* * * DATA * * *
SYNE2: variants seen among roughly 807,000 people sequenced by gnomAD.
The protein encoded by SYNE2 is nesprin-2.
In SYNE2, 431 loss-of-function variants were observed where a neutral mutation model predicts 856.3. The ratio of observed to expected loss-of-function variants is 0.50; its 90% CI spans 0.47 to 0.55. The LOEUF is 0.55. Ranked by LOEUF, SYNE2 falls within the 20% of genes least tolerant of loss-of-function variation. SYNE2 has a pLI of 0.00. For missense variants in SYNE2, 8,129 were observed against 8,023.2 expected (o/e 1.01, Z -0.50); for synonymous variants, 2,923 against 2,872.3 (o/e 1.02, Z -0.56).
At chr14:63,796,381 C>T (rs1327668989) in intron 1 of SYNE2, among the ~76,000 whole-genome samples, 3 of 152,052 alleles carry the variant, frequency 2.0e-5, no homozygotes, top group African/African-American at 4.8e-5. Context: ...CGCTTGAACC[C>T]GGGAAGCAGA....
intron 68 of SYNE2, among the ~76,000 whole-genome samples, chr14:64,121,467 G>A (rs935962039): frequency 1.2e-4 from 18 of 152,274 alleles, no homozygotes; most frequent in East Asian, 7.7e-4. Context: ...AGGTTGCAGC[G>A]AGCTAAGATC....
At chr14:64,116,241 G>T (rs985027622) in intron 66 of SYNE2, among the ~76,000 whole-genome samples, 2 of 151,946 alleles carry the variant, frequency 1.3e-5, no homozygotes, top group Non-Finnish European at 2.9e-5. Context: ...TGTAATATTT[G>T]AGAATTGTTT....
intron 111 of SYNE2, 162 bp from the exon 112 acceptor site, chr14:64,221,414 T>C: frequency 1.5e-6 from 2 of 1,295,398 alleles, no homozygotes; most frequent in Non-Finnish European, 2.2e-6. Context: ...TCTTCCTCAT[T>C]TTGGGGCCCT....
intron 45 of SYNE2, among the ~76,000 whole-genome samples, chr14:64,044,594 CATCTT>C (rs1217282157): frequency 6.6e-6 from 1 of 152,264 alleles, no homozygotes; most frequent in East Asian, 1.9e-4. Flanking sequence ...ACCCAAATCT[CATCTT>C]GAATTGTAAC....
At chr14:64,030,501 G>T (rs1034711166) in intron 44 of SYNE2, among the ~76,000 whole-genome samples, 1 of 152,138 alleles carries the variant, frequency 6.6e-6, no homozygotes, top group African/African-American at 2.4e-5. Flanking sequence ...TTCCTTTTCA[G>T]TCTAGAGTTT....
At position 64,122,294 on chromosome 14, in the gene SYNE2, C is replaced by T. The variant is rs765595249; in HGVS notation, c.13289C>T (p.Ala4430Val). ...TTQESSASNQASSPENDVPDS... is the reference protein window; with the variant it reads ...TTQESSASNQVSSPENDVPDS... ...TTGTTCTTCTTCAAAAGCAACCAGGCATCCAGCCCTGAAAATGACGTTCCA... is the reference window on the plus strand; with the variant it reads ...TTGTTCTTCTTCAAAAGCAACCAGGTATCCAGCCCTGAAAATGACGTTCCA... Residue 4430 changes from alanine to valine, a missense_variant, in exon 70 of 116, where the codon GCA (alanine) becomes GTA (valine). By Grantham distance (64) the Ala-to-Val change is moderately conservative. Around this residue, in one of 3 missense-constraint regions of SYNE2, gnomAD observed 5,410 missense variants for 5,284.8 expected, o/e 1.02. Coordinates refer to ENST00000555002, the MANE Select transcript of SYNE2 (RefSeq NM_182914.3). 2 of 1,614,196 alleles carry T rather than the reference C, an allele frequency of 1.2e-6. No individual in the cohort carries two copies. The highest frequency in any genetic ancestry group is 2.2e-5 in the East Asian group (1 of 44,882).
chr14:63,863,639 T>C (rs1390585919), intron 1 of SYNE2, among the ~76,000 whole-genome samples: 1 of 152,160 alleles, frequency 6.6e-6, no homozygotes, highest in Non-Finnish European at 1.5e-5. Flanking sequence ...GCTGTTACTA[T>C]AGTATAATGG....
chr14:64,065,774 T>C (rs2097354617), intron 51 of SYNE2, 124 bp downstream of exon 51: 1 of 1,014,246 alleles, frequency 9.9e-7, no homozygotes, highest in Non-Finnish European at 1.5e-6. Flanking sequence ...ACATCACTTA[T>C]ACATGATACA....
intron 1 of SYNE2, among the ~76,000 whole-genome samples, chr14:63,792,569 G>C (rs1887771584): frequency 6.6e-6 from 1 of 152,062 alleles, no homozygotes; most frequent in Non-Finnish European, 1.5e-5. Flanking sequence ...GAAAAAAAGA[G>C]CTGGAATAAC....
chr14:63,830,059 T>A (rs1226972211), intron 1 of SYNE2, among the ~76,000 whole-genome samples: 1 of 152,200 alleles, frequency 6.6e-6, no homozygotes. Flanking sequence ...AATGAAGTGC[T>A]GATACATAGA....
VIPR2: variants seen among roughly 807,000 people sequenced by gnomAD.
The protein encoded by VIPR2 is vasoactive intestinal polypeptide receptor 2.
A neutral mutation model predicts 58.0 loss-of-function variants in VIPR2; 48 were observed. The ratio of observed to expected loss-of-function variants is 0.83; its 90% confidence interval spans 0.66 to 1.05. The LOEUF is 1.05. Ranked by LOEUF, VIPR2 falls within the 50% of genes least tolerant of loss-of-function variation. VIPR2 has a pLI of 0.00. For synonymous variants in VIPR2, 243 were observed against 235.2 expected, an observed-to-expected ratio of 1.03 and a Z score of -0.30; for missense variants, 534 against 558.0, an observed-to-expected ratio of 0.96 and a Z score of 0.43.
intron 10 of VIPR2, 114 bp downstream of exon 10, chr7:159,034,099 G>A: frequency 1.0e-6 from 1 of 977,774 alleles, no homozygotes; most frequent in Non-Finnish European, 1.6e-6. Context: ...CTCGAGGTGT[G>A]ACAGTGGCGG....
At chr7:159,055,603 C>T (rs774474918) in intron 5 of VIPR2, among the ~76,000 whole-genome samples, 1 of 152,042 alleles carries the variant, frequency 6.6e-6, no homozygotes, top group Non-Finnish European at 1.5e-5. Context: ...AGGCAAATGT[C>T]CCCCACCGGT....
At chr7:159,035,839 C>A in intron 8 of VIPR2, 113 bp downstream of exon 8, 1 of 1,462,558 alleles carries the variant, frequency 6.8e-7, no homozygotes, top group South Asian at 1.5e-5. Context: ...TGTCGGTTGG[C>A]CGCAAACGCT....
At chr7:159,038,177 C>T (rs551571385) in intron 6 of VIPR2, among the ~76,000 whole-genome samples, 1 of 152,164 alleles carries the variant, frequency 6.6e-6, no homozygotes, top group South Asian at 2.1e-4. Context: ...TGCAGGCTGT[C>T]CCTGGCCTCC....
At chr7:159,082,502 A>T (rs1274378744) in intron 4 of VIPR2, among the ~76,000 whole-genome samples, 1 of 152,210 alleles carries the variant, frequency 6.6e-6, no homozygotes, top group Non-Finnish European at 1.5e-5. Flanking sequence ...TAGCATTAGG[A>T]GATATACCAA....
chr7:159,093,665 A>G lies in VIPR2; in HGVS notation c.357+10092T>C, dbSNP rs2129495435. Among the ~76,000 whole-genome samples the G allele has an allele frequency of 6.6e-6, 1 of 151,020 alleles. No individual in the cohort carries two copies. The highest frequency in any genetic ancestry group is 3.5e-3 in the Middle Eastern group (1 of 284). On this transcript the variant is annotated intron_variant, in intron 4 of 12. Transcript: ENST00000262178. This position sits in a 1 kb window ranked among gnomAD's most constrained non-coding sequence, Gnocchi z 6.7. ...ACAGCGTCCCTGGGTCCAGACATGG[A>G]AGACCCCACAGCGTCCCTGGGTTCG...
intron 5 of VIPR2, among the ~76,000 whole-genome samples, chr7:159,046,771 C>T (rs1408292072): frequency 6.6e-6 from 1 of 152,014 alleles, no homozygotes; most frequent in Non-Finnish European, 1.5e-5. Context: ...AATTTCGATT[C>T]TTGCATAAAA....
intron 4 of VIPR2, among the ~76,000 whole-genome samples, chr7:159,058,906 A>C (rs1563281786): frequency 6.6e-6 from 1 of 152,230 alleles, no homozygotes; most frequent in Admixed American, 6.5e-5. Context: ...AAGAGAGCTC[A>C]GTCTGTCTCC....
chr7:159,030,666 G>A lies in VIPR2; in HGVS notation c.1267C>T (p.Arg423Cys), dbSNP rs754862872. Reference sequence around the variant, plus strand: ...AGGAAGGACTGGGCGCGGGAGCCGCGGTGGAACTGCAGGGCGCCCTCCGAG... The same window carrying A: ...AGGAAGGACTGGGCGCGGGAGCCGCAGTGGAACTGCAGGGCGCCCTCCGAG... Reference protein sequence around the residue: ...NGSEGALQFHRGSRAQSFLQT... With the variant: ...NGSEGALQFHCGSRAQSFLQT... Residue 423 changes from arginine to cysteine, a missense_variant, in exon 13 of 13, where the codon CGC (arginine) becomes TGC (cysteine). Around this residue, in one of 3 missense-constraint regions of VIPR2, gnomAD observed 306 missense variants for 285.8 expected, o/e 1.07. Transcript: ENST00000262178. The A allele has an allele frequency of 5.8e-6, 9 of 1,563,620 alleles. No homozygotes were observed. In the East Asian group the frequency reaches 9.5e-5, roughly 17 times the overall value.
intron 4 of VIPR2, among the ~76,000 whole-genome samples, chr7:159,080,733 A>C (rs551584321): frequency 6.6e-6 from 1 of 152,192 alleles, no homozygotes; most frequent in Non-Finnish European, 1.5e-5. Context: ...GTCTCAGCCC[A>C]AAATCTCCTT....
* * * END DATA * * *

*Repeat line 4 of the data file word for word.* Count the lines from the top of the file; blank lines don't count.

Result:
At chr14:63,796,381 C>T (rs1327668989) in intron 1 of SYNE2, among the ~76,000 whole-genome samples, 3 of 152,052 alleles carry the variant, frequency 2.0e-5, no homozygotes, top group African/African-American at 4.8e-5. Context: ...CGCTTGAACC[C>T]GGGAAGCAGA....